Frustrated at being locked down and not able to continue his work during the first days of the pandemic, artist Adad Hanna grabbed his camera and took to the streets of his Burnaby neighbourhood with one goal in mind — to make art.
“I was feeling frustrated — just sitting at home reading the news,” said Hannah, a visual artist known for staging large-scale tableau-vivant videos that reference famous works of art, such as The Raft of the Medusa, shot in 100 Mile House, and a backyard version of Guernica.
“The pandemic had inhibited my creativity — a number of exhibits I was working collaboratively on were cancelled, so I put a long lens on my camera and headed out on foot.”
Hannah, who calls the Metrotown area of Burnaby home, walked the eerily empty streets toward the nearby shopping centre, asking people he encountered if they would be interested in being part of an art piece that included a static video portrait — a tableau vivant, or living picture — a still photograph and an account of their COVID-19 experiences.
“About half of the people I asked if they wanted their picture taken said no. I was actually surprised that 50 per cent said yes,” said Hannah.
The 237 portraits he ended up taking over the span of a year — from March 2020 to March 2021 — became a Royal B.C. Museum exhibit called Between Us: Adad Hanna’s Social Distancing Portraits, now compiled in a book set to be released May 5.
The series begins with the first weeks of uncertainty and records people’s reactions to the Black Lives Matter movement, then the slow return to work and school, culminating with the COVID-19 vaccine rollout.
One of the first people Hannah encountered on March 14, 2020 was a woman clutching a package of toilet paper — a rare find amid early panic-buying for the household staple.
Rather than merely capturing their images, Hannah asked his subjects to hold a pose for at least 30 seconds.
In his short videos, his subjects are immobile while the wind moves their clothing and life goes on around them — a visual depiction of humanity suspended in time as the world continues, unabated.
Hannah also took the time to talk to every subject, capturing a narrative of their experiences and emotional journeys.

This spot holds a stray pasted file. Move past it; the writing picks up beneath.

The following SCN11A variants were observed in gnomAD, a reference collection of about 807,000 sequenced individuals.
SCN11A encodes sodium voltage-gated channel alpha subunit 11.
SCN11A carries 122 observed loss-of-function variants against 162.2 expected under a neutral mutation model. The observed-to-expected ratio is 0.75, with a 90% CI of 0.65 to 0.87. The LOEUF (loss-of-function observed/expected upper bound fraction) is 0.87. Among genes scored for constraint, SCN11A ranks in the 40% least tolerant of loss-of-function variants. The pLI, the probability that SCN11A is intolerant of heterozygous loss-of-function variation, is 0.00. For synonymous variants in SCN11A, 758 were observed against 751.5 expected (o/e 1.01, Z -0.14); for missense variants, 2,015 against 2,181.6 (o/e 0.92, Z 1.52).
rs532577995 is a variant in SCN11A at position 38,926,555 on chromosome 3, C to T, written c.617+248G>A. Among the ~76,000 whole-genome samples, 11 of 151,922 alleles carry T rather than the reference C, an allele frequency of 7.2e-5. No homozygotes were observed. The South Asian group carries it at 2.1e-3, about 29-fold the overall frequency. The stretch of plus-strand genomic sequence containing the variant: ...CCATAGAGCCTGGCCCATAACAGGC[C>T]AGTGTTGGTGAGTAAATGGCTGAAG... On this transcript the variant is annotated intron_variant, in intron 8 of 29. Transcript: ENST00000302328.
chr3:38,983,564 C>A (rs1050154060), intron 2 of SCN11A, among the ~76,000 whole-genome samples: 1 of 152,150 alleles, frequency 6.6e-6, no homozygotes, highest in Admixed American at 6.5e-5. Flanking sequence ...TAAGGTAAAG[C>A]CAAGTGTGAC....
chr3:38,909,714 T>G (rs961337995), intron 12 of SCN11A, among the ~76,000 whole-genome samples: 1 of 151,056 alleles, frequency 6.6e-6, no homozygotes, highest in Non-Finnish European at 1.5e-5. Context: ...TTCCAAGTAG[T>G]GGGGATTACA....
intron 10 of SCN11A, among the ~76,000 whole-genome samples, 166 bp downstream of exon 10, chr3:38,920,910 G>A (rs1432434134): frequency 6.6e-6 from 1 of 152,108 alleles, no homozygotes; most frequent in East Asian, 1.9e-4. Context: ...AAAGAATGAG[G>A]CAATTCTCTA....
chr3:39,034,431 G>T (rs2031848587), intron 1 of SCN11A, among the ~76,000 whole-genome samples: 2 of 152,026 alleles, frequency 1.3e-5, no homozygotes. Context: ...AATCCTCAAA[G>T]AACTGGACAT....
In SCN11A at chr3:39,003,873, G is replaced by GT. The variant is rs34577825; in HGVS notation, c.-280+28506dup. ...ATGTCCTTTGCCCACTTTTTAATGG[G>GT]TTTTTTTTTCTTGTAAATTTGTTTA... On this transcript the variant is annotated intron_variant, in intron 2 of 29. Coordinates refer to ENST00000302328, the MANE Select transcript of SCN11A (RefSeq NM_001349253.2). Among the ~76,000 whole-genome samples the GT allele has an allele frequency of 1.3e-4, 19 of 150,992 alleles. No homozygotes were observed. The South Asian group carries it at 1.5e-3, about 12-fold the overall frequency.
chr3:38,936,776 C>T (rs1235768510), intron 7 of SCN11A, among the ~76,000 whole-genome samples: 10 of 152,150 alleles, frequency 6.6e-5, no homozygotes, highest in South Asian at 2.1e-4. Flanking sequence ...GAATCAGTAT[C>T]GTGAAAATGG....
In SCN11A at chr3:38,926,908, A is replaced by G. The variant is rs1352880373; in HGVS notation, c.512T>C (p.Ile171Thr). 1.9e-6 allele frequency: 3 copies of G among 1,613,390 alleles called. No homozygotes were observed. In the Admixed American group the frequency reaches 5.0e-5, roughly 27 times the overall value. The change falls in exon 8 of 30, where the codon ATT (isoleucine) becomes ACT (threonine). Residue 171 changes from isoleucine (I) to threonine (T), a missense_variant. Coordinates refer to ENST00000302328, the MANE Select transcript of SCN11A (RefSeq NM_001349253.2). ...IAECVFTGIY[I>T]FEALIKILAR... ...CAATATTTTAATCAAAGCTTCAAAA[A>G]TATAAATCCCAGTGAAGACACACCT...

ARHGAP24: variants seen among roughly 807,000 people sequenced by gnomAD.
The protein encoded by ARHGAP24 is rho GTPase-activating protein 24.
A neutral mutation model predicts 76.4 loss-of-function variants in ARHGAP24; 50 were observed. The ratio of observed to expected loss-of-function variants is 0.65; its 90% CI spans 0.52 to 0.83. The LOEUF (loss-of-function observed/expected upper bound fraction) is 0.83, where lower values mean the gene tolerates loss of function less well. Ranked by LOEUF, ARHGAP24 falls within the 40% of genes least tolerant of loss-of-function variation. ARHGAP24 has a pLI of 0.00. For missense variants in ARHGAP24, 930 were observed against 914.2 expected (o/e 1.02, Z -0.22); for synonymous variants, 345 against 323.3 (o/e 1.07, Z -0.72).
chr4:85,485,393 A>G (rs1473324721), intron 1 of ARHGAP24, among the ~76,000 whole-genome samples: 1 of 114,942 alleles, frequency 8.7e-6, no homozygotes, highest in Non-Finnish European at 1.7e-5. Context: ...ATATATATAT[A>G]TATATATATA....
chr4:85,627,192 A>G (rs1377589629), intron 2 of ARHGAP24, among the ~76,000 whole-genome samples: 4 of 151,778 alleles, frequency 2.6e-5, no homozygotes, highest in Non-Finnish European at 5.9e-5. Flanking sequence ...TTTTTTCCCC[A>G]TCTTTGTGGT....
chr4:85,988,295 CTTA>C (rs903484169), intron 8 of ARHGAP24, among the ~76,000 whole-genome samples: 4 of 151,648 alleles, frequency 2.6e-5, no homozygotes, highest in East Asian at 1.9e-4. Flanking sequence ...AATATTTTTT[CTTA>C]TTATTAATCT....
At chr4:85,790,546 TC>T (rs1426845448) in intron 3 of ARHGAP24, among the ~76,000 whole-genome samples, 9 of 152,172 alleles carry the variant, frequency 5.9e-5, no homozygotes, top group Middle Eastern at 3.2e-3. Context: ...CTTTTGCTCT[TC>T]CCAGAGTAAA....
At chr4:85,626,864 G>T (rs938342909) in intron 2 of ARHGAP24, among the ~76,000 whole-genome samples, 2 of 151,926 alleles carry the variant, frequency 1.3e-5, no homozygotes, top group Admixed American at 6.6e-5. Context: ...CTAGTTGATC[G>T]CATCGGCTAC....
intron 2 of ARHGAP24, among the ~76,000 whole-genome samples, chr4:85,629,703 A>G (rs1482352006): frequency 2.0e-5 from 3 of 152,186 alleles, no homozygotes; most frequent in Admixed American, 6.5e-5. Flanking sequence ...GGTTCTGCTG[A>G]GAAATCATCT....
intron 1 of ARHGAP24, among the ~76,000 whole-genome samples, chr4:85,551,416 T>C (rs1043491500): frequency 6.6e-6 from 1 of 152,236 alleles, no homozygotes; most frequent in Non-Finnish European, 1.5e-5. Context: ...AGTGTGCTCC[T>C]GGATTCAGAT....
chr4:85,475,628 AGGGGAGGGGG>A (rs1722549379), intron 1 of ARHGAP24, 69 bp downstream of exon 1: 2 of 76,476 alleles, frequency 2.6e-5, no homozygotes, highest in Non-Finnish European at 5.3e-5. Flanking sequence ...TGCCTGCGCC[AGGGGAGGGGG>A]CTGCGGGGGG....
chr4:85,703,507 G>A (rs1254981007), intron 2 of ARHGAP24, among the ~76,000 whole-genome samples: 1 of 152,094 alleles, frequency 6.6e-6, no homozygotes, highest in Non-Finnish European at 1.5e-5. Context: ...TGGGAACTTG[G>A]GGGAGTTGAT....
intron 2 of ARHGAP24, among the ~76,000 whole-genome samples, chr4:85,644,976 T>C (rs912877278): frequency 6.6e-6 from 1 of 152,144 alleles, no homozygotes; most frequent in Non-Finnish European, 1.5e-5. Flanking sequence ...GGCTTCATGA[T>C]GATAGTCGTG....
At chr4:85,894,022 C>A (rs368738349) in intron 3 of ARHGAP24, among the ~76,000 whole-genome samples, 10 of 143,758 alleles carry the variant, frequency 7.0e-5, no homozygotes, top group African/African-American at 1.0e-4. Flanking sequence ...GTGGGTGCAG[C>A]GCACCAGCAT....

“I wanted to see if I could capture this strange, tense, in-between moment. The project relied on the element of chance but enabled me to connect with my subjects,” said Hannah, who was born in New York City in 1971, spent his childhood in Israel and England and moved to Vancouver in the early 1980s.
He began to share his pandemic pictures and stories on his Instagram account (instagram.com/adadhannah), where they caught the eye of India Young, art and images curator at the Royal B.C. Museum.
“I was immediately drawn to the images, which I thought were a compelling reflection of the times,” said Young. “The stories were of everyday people who are undergoing an emotional journey and a lot of uncertainly.”
She contacted Hannah to secure his work to create an exhibit of the video portraits, which ran at the museum between May and November of 2022. (The travelling exhibit is not currently on display.)
“What sets the exhibition apart from others created in the aftermath of COVID-19 was that it was not just one moment during the pandemic,” said Young, who joined the museum in 2019. “Hannah records the roller-coaster of events — the first time a person returns home, the first time they return to work, of parents and teachers.
“He is hyper-focused on his location — yet the work is also universal, reflecting a global experience.”
The portraits and accompanying short interviews shine a light on the social isolation many endured and on the human need to connect.
Hannah, who first picked up a camera 25 years ago, said taking the pictures was a cathartic experience.
When he first started posting a few portraits on Instagram, “they seemed to resonate with people,” he said. “As the project grew, it began to get easier to engage with people and sped up the passing of time.”
He said he still bumps into some of his subjects in his neighbourhood and is struck by the change in the children, who were around 12 years old when he shot them and are now 15.
A few of his subjects — including a woman in a red housecoat who was out for a cigarette break when he captured her image — have passed away, reflecting the sense of loss from the pandemic.
“The good news is that I now know a lot more people,” said Hannah, who studied at Concordia University in Montreal and Emily Carr University of Art and Design in Vancouver, and whose works have been exhibited throughout North America, Europe, West Africa, Australia, Korea, China and Russia.
To add an extra dimension to the project, he worked with composers Brigitte Dajczer and Daniel Ingram in a sound studio to create individual soundscapes for each video tableau vivant, accessible via a QR code.
The project has drawn considerable interest from other museums, resulting in three or four online exhibitions along with the same number of physical exhibits.
“This project is just so full of heart,” said Young. “It reminds us of how we, as a society and as a country, really pulled together that first year in the pandemic. It is a compelling refection of the best of us.”
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